Langley accepts low bid on CMA Church park-and-ride project

The city of Langley has accepted a $472,706 bid from Krieg Construction of Oak Harbor to build the city’s new park-and-ride project at the CMA Church parking lot.

The city council voted unanimously to accept the bid at its meeting on Monday.

Council members also approved another agreement with Cane Engineering that would increase the consultant’s contract from roughly $72,000 to more than $108,000. City officials said the Oak Harbor-based company will manage the construction and handle the grant paperwork for the project.

The park-and-ride project — which would turn the private parking lot at the Langley Christian & Missionary Alliance Church at Sixth and Cascade streets into a part-time public parking lot — drew criticism as it started to move off the drawing board. Nearby residents complained about noise and headlight glare, while environmentalists bemoaned the loss of blackberry bushes that would occur as new landscaping is installed and improvements are made to the creekside property.

Some residents in the Village by the Sea have also raised alarm about the cost of the project, and those concerns continued this week.

The winning bid was nearly $100,000 more than the engineer’s estimate — $381,618 —for the project.

Krieg Construction was the low bidder, and two other companies also submitted bids. C. Johnson Construction offered to build the park-and-ride for $571,193, and Trimaxx Construction estimated the cost at $612,193.

Robin Adams, a candidate for the city council who has made the escalating costs for the project a campaign issue, again said the project was overpriced.

“I really wonder whether we should be spending this kind of money on this kind of project,” he said, adding that the project’s consultants were being overpaid.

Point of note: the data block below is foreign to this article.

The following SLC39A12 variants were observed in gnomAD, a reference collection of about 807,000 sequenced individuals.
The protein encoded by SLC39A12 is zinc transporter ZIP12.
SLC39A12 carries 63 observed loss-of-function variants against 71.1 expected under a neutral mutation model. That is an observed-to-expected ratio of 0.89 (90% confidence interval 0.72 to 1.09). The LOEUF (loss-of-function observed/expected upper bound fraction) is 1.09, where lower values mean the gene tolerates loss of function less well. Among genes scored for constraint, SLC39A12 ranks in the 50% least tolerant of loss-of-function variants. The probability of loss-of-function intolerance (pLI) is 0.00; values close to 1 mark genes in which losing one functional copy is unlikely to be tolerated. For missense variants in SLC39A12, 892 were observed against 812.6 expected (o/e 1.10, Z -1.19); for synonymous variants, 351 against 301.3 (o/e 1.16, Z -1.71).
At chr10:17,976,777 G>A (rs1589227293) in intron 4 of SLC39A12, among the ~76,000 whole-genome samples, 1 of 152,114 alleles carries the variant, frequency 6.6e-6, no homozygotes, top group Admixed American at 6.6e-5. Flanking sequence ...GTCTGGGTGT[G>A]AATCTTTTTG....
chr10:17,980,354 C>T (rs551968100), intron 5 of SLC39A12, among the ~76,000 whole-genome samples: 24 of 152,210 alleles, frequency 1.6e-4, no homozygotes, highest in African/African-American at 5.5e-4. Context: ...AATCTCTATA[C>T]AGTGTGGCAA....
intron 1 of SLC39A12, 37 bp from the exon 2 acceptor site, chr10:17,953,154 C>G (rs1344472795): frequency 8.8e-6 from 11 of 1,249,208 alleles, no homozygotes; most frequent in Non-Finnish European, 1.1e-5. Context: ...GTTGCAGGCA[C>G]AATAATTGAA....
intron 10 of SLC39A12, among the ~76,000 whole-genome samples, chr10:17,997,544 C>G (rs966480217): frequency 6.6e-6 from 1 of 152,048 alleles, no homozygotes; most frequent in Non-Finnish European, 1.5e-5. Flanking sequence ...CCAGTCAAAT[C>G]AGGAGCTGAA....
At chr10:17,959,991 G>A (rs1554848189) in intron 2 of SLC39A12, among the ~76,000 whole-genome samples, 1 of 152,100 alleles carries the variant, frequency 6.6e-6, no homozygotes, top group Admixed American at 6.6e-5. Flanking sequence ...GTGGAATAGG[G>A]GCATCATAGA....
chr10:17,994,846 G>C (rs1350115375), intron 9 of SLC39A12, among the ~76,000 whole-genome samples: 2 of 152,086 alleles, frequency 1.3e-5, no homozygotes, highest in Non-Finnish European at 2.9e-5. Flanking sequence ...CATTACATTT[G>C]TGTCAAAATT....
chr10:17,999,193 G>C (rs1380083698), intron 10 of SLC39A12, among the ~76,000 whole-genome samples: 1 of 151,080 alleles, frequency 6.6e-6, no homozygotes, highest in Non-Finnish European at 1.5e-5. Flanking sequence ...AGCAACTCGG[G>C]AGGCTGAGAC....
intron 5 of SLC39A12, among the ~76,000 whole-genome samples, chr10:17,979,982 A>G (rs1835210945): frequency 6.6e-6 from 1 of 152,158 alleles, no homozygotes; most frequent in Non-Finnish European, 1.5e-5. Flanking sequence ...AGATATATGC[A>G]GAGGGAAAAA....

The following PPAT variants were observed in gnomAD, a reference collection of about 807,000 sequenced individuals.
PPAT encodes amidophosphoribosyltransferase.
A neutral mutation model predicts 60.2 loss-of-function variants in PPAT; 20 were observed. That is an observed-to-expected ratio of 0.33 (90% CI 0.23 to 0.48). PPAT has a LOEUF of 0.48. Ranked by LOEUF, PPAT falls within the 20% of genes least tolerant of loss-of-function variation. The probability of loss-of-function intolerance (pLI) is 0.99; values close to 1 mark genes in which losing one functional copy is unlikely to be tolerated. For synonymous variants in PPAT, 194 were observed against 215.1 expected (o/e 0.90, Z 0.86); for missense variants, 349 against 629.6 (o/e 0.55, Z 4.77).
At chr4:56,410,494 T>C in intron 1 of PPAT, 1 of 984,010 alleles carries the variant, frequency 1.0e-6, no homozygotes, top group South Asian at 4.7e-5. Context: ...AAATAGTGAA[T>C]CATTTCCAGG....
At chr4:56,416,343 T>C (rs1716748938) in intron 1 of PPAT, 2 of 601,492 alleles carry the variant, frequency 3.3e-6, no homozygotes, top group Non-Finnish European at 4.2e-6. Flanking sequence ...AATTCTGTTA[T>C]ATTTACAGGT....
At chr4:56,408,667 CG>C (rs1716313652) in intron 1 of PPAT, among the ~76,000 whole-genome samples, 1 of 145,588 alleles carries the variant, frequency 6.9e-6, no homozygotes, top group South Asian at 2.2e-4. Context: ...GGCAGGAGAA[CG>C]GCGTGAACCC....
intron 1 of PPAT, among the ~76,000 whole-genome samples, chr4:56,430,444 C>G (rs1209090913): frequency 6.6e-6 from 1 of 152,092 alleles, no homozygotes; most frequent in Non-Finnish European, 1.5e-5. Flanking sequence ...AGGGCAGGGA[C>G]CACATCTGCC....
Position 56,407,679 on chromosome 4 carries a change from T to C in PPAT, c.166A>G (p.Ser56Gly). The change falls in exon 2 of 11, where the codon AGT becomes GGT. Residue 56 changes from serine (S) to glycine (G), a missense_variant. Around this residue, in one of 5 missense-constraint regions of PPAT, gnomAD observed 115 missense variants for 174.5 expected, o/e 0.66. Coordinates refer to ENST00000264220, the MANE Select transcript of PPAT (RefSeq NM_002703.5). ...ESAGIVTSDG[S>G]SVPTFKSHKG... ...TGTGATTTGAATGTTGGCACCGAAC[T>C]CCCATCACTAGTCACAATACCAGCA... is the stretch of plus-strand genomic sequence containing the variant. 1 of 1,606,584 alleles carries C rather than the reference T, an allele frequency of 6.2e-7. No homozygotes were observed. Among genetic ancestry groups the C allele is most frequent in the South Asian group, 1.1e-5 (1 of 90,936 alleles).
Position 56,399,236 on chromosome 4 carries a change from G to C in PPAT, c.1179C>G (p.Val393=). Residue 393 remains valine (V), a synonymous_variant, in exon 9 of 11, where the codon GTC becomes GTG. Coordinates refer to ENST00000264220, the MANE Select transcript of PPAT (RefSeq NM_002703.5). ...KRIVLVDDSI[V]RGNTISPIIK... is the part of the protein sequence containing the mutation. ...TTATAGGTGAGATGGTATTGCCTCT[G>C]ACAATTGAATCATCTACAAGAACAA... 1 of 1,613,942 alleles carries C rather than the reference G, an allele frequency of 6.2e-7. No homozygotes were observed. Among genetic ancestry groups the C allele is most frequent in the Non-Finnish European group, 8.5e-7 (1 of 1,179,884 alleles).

“I seriously question whether you should sit still for that kind of an increase,” Adams said.

Despite their earlier misgivings, some on the council said it was time to move forward.

“I do see a need for this,” said Councilwoman Rene Neff.

Neff recalled the earlier complaint by some that the city’s two existing park-and-ride lots were underused. That was no longer the case.

“There’s cars in them; lots of cars in both of them,” she said.

More public parking was needed in town to accommodate those who use the Langley Marina, officials noted, and the lot will also help those going to the city’s new open-air market on Second Street. The parking lot makeover will add 50 spaces and includes a stormwater system upgrade at the location.

The council should stop dragging its feet on the project, Neff added.

“We’ve been, I hate to say, dithering,” she said.

Councilman Hal Seligson agreed, with a disclaimer.

“I was not a part of the alleged dithering,” he said, drawing chuckles from the small audience at the meeting, and he recalled just joining the council last December.

Even so, he said the council should approve the bid, in part, to counter the notion “that Langley is not capable of doing something.”

“I would vote to bite the bullet and move ahead,” Seligson said.

Public Works Director Challis Stringer also noted the city would have to pay back part of the grant funds it had already received if the council didn’t approve the project.

Mayor Paul Samuelson also added that while some have complained about the project, their numbers are small.

“There aren’t a lot of people who have a problem with us,” Samuelson said.

The council voted 4-0 to accept the bid, and also approved the new agreement with Cane Engineering on an identical vote. Councilman Doug Allderdice was absent.

“It makes no sense to stop it at this point,” said Councilwoman Fran Abel.

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